As you know (because I’ve reminded you about 8,502 times), we went to France for a family vacation recently.
I honestly did not know if we would emerge from the trip unscathed, still sane with good memories intact. Young children can be challenging to travel with, and multiply that by two, both aged under 5, add on the 13,000 flying miles both ways – well, that’s a perfect recipe for a disastrous holiday.
In the event that you do decide to (foolishly) go on an international trip with your family in the future, you may want to take some notes on how we survived the whole thing.
1. We collected an insane number of frequent flyer miles. I don’t know how you’re going to do it, but collect enough to get free business class tickets for at least two adults. Now, I am not bragging. We ABSOLUTELY CANNOT afford to fly business class ANYWHERE, if it was on our own coin. I scraped together over 5 years worth of accumulated points on my credit card, and converted them to miles. My husband had been doing a fair amount of business travel, so in went those points. He has no points left on his credit cards either. But we flew business class (we did have to pay a child and infant fare for the children), and it saved our asses on the flights both ways. The space allowed them to sleep during the long (14 hour) flight. The endless supply of snacks and water was a lifesaver. The additional baggage weight allowance was a blessing because we all know children need a lot of
crap stuff when traveling.
2. We learned to love screen gadgets. I know, we’re not supposed to ply our children with technology for long amounts of time. But when you’re looking at hours of travel (this includes waiting at the airport, waiting for baggage, travel to the airport from home, and from airport to your accommodation overseas) – bite the bullet, let the kids play on the iPad or tablet. Put some educational TV on it if it makes you feel better. Believe me, it helped keep my kids occupied when they were bored, and it meant no whining or tantrums. Oh, you do need an equal amount of tablets and children. Because, one must have what the other does. Again, we are not wealthy braggarts who have iPads coming out of our ears. The kids used a banged up, cracked second-generation iPad, and we bought a cheap Samsung Galaxy tablet for the trip.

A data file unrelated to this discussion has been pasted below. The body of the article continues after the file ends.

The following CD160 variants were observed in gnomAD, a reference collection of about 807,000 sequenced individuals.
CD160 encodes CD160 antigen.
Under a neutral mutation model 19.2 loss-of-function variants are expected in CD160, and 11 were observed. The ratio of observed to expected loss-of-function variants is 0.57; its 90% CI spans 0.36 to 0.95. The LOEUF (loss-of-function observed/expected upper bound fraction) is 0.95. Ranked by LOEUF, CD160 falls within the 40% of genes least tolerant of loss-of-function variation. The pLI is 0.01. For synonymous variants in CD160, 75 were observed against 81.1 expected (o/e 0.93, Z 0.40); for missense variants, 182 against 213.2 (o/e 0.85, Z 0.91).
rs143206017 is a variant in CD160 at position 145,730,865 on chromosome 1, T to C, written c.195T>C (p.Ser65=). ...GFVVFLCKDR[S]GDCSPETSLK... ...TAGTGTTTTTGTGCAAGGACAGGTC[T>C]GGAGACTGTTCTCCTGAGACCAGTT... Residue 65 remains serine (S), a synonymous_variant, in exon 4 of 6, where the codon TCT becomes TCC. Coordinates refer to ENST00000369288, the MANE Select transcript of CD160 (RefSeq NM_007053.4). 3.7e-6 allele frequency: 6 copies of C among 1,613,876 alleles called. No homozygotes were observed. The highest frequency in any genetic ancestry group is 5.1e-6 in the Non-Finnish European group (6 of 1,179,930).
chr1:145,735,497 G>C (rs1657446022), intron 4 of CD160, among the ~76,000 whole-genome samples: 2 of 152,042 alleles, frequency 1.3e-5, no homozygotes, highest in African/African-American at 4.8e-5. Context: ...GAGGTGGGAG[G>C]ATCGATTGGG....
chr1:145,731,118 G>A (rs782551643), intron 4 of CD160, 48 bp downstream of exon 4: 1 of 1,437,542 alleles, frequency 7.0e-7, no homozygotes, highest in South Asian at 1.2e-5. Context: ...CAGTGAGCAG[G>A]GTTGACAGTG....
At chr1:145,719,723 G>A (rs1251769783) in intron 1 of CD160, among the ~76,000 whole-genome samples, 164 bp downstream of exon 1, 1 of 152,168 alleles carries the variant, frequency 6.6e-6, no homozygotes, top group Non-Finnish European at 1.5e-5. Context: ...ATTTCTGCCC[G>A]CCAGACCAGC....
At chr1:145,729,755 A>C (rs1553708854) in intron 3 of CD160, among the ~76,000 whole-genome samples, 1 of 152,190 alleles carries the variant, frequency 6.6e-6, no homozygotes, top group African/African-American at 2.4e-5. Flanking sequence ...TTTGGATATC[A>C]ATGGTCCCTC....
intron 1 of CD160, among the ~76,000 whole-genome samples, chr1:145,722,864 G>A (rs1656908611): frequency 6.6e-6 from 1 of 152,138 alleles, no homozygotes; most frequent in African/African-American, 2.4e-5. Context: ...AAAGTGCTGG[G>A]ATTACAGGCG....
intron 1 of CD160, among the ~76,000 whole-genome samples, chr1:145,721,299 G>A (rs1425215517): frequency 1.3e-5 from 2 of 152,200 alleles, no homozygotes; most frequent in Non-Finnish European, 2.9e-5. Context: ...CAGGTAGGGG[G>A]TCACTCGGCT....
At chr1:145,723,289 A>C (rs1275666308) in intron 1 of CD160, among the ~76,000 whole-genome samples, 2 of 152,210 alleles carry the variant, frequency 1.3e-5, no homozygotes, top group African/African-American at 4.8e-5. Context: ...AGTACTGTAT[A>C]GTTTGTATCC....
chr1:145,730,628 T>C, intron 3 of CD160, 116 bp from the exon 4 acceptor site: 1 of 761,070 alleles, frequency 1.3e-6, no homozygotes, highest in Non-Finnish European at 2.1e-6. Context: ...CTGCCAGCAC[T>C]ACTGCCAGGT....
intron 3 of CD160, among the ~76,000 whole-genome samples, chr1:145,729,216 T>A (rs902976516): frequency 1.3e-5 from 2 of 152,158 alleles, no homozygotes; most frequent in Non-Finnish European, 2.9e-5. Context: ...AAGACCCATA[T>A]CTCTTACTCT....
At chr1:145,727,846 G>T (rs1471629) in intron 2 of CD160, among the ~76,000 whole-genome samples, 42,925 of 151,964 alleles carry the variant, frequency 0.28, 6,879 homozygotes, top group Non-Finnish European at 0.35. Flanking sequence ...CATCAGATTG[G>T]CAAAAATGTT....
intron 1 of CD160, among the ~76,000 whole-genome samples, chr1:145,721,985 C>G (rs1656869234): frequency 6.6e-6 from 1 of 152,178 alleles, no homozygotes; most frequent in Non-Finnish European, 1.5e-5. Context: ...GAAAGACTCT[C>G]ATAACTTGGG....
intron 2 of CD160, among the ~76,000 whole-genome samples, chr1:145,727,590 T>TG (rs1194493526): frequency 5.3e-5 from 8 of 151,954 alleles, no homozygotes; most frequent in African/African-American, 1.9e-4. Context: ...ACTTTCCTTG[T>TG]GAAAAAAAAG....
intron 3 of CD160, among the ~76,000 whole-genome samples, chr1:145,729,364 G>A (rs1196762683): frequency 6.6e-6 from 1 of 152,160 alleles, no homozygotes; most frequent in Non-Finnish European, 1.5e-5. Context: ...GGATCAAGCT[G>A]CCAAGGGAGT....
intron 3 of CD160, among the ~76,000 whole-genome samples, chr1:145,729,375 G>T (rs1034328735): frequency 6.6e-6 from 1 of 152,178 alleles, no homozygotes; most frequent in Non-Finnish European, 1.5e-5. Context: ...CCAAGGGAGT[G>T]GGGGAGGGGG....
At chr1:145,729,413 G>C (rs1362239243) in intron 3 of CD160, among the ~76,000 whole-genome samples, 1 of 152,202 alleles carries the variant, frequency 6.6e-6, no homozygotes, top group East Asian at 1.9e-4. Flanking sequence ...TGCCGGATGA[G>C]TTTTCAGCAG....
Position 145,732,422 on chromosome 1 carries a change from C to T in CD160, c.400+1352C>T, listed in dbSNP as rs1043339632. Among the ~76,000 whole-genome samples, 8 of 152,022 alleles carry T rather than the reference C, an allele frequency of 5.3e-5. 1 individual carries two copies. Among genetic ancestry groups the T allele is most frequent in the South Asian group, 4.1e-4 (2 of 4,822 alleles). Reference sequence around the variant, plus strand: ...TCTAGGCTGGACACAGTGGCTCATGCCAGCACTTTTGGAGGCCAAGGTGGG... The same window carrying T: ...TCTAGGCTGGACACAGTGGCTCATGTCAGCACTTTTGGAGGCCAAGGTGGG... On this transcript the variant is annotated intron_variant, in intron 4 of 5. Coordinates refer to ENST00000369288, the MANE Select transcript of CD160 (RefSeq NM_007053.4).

3. We embraced all the chocolate. For me, that is.
4. We gave up the idea of a routine. If you’re going to a different time zone, trust me on this, just go with the flow. That you’re actually traveling is already “un-routine”. Don’t worry about nap times, snack times, meal times, bed times. Do what feels right. See how the children are feeling. If they are tired, they’ll sleep. If they’re hungry, they’ll eat. Get back to some normalcy once your bodies have adjusted to the time difference.
5. We had fun. The most important thing. Ditch the daily worries aside. Do extraordinary (to you) things. Try something new. Let the children try something new. Go with the flow. Be flexible. Focus on happiness. Embrace the small things. Take pictures. Be together. Just have fun.
These things worked for us. They might not work for you. Likely, they won’t. You know this is tongue-in-cheek right? I’m wiggling my bum as I free-write this. Please don’t call me a snobbish, pretentious, sanctimonious ass for suggesting flying business class, handing children aged 4 and under iPads, and plying them with sweets.
PS: We had fun. No one was the worst for wear. I have a lot of chocolate stains on my clothes.
What tips do you have to survive international travel with kids?